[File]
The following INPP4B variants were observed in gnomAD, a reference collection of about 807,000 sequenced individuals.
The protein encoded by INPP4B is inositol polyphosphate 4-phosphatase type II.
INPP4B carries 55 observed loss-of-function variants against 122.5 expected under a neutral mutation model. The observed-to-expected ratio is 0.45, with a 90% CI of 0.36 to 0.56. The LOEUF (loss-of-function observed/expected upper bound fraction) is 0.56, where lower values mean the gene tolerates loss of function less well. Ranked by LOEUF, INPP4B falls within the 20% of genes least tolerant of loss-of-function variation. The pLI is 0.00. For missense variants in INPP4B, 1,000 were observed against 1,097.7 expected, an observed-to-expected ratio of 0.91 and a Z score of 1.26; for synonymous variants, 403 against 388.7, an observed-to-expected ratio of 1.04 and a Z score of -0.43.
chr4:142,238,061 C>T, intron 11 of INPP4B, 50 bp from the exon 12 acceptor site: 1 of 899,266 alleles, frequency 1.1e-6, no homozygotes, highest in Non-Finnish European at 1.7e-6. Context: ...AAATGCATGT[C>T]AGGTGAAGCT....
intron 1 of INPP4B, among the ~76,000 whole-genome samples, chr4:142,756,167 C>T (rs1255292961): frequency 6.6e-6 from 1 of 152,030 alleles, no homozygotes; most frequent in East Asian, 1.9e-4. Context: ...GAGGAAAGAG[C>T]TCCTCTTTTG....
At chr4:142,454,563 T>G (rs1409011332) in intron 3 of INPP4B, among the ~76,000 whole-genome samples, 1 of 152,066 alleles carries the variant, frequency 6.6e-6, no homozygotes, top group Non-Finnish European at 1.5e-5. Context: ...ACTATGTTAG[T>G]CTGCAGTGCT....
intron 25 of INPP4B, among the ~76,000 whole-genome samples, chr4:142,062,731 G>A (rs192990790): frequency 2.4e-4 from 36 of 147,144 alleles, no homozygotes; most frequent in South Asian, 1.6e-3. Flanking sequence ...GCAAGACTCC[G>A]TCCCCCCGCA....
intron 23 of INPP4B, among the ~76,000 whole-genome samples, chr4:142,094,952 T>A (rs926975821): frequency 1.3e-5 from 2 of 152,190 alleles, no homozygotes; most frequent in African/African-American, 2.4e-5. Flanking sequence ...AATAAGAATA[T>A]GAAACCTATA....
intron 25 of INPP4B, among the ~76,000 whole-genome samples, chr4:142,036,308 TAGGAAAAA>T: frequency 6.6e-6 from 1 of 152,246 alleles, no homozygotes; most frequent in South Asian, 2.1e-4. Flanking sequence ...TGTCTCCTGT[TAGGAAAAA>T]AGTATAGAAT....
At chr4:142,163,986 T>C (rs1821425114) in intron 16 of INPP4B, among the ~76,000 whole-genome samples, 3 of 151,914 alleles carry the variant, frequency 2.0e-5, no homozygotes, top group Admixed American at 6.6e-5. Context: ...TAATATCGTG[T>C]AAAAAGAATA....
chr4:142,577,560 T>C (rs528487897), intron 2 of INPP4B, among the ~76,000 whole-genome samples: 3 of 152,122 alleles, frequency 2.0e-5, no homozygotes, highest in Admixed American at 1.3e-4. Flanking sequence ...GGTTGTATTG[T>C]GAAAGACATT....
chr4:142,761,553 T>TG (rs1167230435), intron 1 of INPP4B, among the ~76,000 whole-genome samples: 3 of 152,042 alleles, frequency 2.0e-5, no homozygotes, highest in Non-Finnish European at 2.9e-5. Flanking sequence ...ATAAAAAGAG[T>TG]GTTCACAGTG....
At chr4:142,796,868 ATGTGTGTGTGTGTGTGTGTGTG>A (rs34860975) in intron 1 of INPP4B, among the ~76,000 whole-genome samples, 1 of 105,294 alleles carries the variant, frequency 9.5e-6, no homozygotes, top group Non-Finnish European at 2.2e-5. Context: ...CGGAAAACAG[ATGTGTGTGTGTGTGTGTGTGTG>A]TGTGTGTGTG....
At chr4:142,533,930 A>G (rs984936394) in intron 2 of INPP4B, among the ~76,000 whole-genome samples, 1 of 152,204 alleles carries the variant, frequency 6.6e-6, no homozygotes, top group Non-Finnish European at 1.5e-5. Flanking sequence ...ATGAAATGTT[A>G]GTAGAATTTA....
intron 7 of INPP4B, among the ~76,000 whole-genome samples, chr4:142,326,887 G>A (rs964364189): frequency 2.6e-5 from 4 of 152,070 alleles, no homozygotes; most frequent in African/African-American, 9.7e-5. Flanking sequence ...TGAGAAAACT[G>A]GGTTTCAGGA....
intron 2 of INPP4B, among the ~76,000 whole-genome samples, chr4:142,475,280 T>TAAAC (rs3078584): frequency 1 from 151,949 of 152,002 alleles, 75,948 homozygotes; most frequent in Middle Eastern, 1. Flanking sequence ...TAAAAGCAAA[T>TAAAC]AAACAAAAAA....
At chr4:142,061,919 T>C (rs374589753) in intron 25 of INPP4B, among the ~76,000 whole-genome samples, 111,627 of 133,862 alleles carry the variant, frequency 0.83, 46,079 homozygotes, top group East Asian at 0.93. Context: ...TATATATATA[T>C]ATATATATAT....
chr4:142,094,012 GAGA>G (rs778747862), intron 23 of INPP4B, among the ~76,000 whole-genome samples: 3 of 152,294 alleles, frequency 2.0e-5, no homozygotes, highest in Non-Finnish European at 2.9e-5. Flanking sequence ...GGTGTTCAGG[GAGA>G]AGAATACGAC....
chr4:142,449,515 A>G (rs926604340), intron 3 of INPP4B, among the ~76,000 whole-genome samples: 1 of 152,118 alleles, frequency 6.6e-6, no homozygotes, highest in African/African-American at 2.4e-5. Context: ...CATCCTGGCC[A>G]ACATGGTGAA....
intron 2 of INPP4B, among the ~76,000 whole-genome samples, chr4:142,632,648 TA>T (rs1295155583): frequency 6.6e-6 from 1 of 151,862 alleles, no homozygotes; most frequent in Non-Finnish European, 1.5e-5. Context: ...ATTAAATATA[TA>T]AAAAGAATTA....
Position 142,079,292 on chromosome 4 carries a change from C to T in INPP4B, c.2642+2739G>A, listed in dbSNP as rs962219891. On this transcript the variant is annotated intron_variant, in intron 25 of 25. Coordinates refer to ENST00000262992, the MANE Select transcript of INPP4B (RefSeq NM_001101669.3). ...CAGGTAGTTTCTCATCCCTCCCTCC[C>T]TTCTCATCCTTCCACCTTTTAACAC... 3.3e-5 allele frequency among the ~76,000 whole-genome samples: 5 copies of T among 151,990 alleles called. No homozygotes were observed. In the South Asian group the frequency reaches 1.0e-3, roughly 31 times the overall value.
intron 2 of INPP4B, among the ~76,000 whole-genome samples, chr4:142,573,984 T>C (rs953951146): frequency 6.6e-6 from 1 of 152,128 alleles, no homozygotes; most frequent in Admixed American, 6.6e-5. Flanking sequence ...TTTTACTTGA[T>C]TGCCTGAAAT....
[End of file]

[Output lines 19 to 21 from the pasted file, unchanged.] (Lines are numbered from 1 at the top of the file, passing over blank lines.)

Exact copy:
chr4:142,449,515 A>G (rs926604340), intron 3 of INPP4B, among the ~76,000 whole-genome samples: 1 of 152,118 alleles, frequency 6.6e-6, no homozygotes, highest in African/African-American at 2.4e-5. Context: ...CATCCTGGCC[A>G]ACATGGTGAA....
intron 2 of INPP4B, among the ~76,000 whole-genome samples, chr4:142,632,648 TA>T (rs1295155583): frequency 6.6e-6 from 1 of 151,862 alleles, no homozygotes; most frequent in Non-Finnish European, 1.5e-5. Context: ...ATTAAATATA[TA>T]AAAAGAATTA....
Position 142,079,292 on chromosome 4 carries a change from C to T in INPP4B, c.2642+2739G>A, listed in dbSNP as rs962219891. On this transcript the variant is annotated intron_variant, in intron 25 of 25. Coordinates refer to ENST00000262992, the MANE Select transcript of INPP4B (RefSeq NM_001101669.3). ...CAGGTAGTTTCTCATCCCTCCCTCC[C>T]TTCTCATCCTTCCACCTTTTAACAC... 3.3e-5 allele frequency among the ~76,000 whole-genome samples: 5 copies of T among 151,990 alleles called. No homozygotes were observed. In the South Asian group the frequency reaches 1.0e-3, roughly 31 times the overall value.